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I've seen other approaches that attach a version number or MD5 hash to a JS src querystring.

e.g. <script src='/script/v1/'></script>

However, my JavaScript is still getting cached in multiple browsers (Chrome, Firefox) when I push a new version of my site.

This seems like a major problem that others have solved, and I seem to be doing the right things. How can I get this to work?

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What server do you have? –  Shadow Wizard Apr 4 '11 at 16:54
These static files are served from lighttpd –  marclar Apr 4 '11 at 17:50
Then I fear the files are cached in the server memory.. here is something that led me in this direction: redmine.lighttpd.net/wiki/1/Docs:ModMemCache –  Shadow Wizard Apr 4 '11 at 21:24
Anyone knows if query string appending is reliable? i.e. /script.js?v=1.1 I usually use here /script_timestamp.js but would prefer the querystring approach (looks cleaner to me). –  turtlepick Jun 27 '12 at 23:14
@flaviotsf - look at my answer below, specifically the reference to Steve Souders' blog. –  marclar Jun 28 '12 at 14:23

3 Answers 3

up vote 6 down vote accepted

I added log messages and determined that the querystring method is working. Sorry for the unnecessary question.

However, in researching, I found some important points worth mentioning:

  1. One of the articles suggests using a querystring with the current time appended. You probably don't want to follow this suggestion as your files will never be cached. Using source control version numbers or an MD5 hash would be better.
  2. Steve Souders (of High Performance Web Sites fame) notes that certain web proxies never cache anything with a querystring. Thus, the version number should be embedded within the path to the file in order to ensure that your files are cached appropriately when accessed through these proxies. ( http://www.stevesouders.com/blog/2008/08/23/revving-filenames-dont-use-querystring/ )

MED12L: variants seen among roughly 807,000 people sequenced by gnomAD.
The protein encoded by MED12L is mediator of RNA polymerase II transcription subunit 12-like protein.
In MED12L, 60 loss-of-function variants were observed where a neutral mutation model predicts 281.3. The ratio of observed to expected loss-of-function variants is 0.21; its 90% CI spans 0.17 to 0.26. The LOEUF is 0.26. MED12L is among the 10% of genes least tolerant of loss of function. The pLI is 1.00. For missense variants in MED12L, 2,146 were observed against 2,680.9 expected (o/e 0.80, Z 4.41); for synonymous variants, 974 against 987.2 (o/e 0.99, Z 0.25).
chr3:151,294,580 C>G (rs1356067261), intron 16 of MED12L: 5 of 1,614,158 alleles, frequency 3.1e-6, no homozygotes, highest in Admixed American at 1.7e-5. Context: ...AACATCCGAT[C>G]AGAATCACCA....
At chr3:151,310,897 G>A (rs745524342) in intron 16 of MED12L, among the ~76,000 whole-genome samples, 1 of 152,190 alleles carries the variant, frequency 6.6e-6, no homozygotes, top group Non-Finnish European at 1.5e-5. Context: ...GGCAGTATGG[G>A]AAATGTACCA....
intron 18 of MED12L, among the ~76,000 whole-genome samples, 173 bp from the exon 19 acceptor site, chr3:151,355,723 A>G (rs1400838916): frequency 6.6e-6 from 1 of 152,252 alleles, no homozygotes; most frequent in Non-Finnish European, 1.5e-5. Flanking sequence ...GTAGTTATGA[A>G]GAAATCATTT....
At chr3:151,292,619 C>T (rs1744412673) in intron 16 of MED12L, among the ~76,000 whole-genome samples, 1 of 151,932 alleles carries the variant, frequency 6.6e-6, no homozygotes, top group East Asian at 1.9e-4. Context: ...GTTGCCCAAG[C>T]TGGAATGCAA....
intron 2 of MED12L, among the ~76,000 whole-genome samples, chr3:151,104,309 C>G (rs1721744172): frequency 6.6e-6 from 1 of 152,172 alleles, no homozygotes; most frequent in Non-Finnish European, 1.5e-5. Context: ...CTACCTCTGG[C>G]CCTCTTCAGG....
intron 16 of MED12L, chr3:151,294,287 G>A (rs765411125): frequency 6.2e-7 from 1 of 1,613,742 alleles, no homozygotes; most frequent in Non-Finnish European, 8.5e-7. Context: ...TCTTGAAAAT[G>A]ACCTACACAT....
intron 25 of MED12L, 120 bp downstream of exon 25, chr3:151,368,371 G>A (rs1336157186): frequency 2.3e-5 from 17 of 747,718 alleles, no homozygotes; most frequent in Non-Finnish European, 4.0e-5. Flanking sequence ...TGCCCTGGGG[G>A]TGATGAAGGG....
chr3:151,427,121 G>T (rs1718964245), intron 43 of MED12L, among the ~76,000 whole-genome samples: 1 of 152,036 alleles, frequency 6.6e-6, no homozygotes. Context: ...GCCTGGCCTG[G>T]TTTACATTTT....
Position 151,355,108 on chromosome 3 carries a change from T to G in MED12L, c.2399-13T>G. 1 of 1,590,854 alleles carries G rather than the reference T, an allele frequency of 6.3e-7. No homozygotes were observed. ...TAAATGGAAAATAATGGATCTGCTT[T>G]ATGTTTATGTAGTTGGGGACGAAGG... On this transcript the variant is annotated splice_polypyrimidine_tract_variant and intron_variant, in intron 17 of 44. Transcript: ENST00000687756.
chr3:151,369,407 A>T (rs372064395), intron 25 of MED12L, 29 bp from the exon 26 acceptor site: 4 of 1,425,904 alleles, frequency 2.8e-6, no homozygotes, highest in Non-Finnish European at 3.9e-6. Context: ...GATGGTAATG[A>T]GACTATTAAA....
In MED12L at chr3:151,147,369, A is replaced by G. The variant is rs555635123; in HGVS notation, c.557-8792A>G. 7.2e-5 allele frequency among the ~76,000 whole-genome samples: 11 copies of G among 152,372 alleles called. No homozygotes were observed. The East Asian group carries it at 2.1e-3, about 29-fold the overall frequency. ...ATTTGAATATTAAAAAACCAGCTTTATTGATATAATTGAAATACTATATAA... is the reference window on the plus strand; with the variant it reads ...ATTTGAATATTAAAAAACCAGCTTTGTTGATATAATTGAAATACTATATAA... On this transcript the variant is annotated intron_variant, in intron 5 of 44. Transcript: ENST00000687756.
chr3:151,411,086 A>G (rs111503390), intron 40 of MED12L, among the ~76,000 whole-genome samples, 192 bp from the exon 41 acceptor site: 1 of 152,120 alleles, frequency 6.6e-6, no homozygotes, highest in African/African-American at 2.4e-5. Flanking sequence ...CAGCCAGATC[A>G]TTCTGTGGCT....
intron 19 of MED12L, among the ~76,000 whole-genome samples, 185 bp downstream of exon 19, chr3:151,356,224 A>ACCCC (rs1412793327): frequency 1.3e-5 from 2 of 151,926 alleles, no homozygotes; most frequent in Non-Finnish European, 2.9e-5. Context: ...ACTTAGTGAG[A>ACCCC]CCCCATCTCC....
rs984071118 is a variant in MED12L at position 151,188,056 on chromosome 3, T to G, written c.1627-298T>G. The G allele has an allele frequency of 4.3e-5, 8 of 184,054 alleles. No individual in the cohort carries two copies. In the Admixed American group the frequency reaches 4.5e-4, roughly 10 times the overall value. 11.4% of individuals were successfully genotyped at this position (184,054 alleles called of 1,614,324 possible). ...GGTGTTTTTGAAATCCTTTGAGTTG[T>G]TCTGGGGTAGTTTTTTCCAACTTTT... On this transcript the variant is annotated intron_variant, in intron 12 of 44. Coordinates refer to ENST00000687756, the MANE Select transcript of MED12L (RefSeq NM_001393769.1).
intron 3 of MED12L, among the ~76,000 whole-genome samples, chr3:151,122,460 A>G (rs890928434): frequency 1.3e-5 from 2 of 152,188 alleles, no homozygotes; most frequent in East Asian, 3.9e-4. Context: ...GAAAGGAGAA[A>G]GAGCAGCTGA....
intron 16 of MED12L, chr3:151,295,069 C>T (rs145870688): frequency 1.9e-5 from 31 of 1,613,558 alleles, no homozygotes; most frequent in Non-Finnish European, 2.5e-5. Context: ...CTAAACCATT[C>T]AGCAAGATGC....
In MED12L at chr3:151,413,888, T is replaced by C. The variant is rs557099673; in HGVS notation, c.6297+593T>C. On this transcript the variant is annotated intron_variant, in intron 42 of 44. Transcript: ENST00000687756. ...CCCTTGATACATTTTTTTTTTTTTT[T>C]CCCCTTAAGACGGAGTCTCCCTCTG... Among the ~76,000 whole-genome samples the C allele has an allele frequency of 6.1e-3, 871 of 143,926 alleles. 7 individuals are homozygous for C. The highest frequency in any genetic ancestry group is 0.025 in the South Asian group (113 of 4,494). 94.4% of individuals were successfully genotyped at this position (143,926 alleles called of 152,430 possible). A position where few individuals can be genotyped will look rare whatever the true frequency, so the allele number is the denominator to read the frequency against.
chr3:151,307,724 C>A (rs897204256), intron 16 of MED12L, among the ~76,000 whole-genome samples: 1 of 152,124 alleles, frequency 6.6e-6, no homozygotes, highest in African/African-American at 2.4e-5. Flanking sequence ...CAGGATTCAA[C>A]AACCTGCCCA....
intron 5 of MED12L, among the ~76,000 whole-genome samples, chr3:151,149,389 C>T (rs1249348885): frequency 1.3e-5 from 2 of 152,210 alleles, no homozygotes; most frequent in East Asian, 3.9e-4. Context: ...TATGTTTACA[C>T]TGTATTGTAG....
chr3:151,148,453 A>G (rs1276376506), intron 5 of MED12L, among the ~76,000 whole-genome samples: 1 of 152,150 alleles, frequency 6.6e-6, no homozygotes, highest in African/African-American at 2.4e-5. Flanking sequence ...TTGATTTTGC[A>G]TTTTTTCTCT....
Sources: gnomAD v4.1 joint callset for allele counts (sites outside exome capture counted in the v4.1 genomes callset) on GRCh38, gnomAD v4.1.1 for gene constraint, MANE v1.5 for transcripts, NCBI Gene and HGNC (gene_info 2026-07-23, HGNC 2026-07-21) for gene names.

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It will be cached always. Although, by using a version number (or any other varying string) a new version will be downloaded and used every time, ignoring the previous one.



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That's what I'm saying -- I do that and it's not working. Everyone in my company experiences this frequently, and I swear we're not dumbasses. Hence my question and confusion. –  marclar Apr 4 '11 at 17:47
That's the expected behavior. Still, by appending ?something to the file name, you will force a new version to be downloaded (and cached), avoid the browsers cache. –  tiagoboldt Apr 5 '11 at 8:41

1.)make sure the response headers for the javascript files are correct and include expires, cache-control, etc.

2.)you probably have to append the version not as a query parameter but part of the filename, e.g. page_v.2.js. You could change the javascript filenames at build time for example if you are using Java. That is what i have done.

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Edited my question to show that that's actually what we do -- it's not a querystring parameter, it's a unique URL based on the MD5 hash. –  marclar Apr 4 '11 at 17:48
Will check the expires & cache-control settings. –  marclar Apr 4 '11 at 17:49

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